Traditional and church leaders must help society to inculcate a culture of peace in the country in view of its violence-ridden history, Vice-President (VP) John Nkomo said.
Addressing a meeting of the Organ on National Healing, Integration and Reconciliation and the Chiefs Council Nkomo said:
“We are going back to where we started from because the children of Zimbabwe are fighting among themselves.”
He said the Traditional Leaders Act empowered traditional leaders to resolve disputes within their jurisdictions and they must start working towards ensuring peace.
“Now we are fighting. Are you going to lie comfortably in your graves after you have left your children fighting each other because of your failure to address these issues?” he asked the traditional leaders.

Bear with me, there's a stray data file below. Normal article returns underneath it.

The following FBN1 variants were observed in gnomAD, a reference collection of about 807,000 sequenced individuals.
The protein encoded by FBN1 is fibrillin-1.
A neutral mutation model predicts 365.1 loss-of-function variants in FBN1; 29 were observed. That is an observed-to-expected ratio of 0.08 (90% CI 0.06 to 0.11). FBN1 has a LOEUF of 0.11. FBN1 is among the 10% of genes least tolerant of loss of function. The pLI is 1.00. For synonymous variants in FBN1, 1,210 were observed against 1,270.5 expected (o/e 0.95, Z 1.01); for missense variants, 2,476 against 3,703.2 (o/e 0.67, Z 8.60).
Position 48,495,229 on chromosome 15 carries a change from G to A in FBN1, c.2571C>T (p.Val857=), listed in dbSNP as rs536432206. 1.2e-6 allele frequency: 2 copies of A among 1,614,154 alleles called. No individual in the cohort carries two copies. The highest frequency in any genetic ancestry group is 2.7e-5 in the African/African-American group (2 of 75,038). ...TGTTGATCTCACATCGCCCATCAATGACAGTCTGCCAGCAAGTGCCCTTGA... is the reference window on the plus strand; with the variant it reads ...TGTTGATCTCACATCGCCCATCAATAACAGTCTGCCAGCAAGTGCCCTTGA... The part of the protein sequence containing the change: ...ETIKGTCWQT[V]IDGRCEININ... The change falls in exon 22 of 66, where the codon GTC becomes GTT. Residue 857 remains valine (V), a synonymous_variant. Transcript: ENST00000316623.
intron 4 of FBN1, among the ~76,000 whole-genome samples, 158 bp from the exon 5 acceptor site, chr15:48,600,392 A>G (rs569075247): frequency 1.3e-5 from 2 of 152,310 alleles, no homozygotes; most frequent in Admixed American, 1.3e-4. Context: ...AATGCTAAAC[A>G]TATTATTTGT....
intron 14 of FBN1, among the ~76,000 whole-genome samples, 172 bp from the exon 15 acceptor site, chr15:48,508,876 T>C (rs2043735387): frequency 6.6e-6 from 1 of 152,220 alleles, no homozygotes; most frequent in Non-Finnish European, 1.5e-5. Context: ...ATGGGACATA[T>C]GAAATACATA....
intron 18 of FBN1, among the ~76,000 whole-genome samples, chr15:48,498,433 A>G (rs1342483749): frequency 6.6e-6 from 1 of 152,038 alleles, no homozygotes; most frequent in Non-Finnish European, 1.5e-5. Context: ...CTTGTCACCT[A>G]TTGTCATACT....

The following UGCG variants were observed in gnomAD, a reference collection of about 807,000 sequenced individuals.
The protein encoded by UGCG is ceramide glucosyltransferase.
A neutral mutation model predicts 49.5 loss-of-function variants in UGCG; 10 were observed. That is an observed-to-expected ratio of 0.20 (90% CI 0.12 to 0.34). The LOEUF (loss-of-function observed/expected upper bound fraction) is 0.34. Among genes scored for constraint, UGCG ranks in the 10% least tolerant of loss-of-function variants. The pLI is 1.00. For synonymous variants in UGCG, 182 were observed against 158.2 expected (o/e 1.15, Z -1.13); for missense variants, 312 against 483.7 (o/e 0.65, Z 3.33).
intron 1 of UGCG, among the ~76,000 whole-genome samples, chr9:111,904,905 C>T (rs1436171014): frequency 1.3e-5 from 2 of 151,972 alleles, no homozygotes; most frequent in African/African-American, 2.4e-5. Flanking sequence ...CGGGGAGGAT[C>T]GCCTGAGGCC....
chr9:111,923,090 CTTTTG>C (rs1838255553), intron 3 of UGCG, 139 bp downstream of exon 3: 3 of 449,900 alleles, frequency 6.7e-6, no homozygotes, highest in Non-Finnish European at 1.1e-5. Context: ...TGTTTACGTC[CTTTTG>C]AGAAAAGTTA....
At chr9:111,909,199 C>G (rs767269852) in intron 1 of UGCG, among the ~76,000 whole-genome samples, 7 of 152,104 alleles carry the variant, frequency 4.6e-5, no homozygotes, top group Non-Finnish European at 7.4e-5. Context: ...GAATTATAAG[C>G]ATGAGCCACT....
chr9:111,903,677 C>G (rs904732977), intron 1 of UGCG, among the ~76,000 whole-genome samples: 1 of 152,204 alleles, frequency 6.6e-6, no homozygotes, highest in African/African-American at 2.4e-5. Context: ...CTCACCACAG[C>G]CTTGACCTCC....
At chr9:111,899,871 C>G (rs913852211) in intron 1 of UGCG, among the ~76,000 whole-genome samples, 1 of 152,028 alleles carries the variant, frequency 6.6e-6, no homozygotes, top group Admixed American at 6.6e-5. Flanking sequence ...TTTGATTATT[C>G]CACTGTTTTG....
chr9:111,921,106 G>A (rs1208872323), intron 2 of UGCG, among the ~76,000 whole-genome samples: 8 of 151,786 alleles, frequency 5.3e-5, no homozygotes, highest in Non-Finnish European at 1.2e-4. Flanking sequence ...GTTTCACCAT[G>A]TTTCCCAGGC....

The VP also appealed to church leaders to work with chiefs in resolving political disputes.
“The churches have a task. They must have a role in the structure. They believe in prayer. They must pray for Zimbabwe. They should work with chiefs to ensure good moral values among Zimbabweans,” Nkomo said.
Chiefs’ Council president Fortune Charumbira said it was time to move beyond lip service in dealing with violence, which has given the country a soiled reputation.
“Chiefs are not happy when their areas are rocked by violence. Political parties seeking votes are the primary cause,” he said.
Chief Chiduku, who is the Senator for Manicaland, also criticised violence saying it was driven by outsiders as their people had a culture of living and working together.
According to Sekai Holland, the Minister of State for National Healing, Reconciliation and Integration in
the Prime Minister’s Office, the meeting was organised to give an update to chiefs on progress made by the organ.